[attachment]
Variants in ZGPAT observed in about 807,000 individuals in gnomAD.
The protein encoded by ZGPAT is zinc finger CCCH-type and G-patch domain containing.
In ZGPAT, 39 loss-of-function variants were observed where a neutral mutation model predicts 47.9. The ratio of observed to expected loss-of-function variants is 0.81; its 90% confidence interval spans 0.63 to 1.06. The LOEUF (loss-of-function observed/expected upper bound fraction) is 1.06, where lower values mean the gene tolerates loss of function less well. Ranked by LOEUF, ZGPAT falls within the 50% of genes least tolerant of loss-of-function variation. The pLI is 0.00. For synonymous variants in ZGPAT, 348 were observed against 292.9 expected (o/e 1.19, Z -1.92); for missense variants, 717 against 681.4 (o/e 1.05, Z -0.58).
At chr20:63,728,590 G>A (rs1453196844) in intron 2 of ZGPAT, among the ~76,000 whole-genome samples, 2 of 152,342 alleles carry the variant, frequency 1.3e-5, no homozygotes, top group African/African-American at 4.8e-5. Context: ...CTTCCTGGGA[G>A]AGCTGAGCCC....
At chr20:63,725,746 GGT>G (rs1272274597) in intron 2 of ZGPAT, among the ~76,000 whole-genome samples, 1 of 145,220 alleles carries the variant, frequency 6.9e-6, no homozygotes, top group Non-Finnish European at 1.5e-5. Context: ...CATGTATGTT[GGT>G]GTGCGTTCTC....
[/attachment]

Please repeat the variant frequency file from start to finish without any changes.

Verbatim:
Variants in ZGPAT observed in about 807,000 individuals in gnomAD.
The protein encoded by ZGPAT is zinc finger CCCH-type and G-patch domain containing.
In ZGPAT, 39 loss-of-function variants were observed where a neutral mutation model predicts 47.9. The ratio of observed to expected loss-of-function variants is 0.81; its 90% confidence interval spans 0.63 to 1.06. The LOEUF (loss-of-function observed/expected upper bound fraction) is 1.06, where lower values mean the gene tolerates loss of function less well. Ranked by LOEUF, ZGPAT falls within the 50% of genes least tolerant of loss-of-function variation. The pLI is 0.00. For synonymous variants in ZGPAT, 348 were observed against 292.9 expected (o/e 1.19, Z -1.92); for missense variants, 717 against 681.4 (o/e 1.05, Z -0.58).
At chr20:63,728,590 G>A (rs1453196844) in intron 2 of ZGPAT, among the ~76,000 whole-genome samples, 2 of 152,342 alleles carry the variant, frequency 1.3e-5, no homozygotes, top group African/African-American at 4.8e-5. Context: ...CTTCCTGGGA[G>A]AGCTGAGCCC....
At chr20:63,725,746 GGT>G (rs1272274597) in intron 2 of ZGPAT, among the ~76,000 whole-genome samples, 1 of 145,220 alleles carries the variant, frequency 6.9e-6, no homozygotes, top group Non-Finnish European at 1.5e-5. Context: ...CATGTATGTT[GGT>G]GTGCGTTCTC....